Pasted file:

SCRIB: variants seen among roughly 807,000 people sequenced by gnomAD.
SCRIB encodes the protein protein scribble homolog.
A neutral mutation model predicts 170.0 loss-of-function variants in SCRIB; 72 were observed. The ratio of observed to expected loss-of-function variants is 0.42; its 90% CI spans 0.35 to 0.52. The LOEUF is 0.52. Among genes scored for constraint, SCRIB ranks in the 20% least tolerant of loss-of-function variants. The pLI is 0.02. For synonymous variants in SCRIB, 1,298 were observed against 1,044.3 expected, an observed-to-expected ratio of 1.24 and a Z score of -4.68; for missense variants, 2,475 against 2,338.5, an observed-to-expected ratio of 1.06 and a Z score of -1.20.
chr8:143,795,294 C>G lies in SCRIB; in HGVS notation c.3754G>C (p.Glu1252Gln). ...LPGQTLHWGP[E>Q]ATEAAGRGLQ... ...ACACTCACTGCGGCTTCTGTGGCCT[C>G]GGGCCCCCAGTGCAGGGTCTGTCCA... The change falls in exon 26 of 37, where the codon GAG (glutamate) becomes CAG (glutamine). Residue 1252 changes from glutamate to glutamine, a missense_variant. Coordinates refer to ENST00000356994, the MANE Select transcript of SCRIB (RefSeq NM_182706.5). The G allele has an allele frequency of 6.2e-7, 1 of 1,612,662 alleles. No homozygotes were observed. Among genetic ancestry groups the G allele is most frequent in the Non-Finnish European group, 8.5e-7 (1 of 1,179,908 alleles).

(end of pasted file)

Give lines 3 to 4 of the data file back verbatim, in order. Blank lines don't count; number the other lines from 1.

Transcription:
A neutral mutation model predicts 170.0 loss-of-function variants in SCRIB; 72 were observed. The ratio of observed to expected loss-of-function variants is 0.42; its 90% CI spans 0.35 to 0.52. The LOEUF is 0.52. Among genes scored for constraint, SCRIB ranks in the 20% least tolerant of loss-of-function variants. The pLI is 0.02. For synonymous variants in SCRIB, 1,298 were observed against 1,044.3 expected, an observed-to-expected ratio of 1.24 and a Z score of -4.68; for missense variants, 2,475 against 2,338.5, an observed-to-expected ratio of 1.06 and a Z score of -1.20.
chr8:143,795,294 C>G lies in SCRIB; in HGVS notation c.3754G>C (p.Glu1252Gln). ...LPGQTLHWGP[E>Q]ATEAAGRGLQ... ...ACACTCACTGCGGCTTCTGTGGCCT[C>G]GGGCCCCCAGTGCAGGGTCTGTCCA... The change falls in exon 26 of 37, where the codon GAG (glutamate) becomes CAG (glutamine). Residue 1252 changes from glutamate to glutamine, a missense_variant. Coordinates refer to ENST00000356994, the MANE Select transcript of SCRIB (RefSeq NM_182706.5). The G allele has an allele frequency of 6.2e-7, 1 of 1,612,662 alleles. No homozygotes were observed. Among genetic ancestry groups the G allele is most frequent in the Non-Finnish European group, 8.5e-7 (1 of 1,179,908 alleles).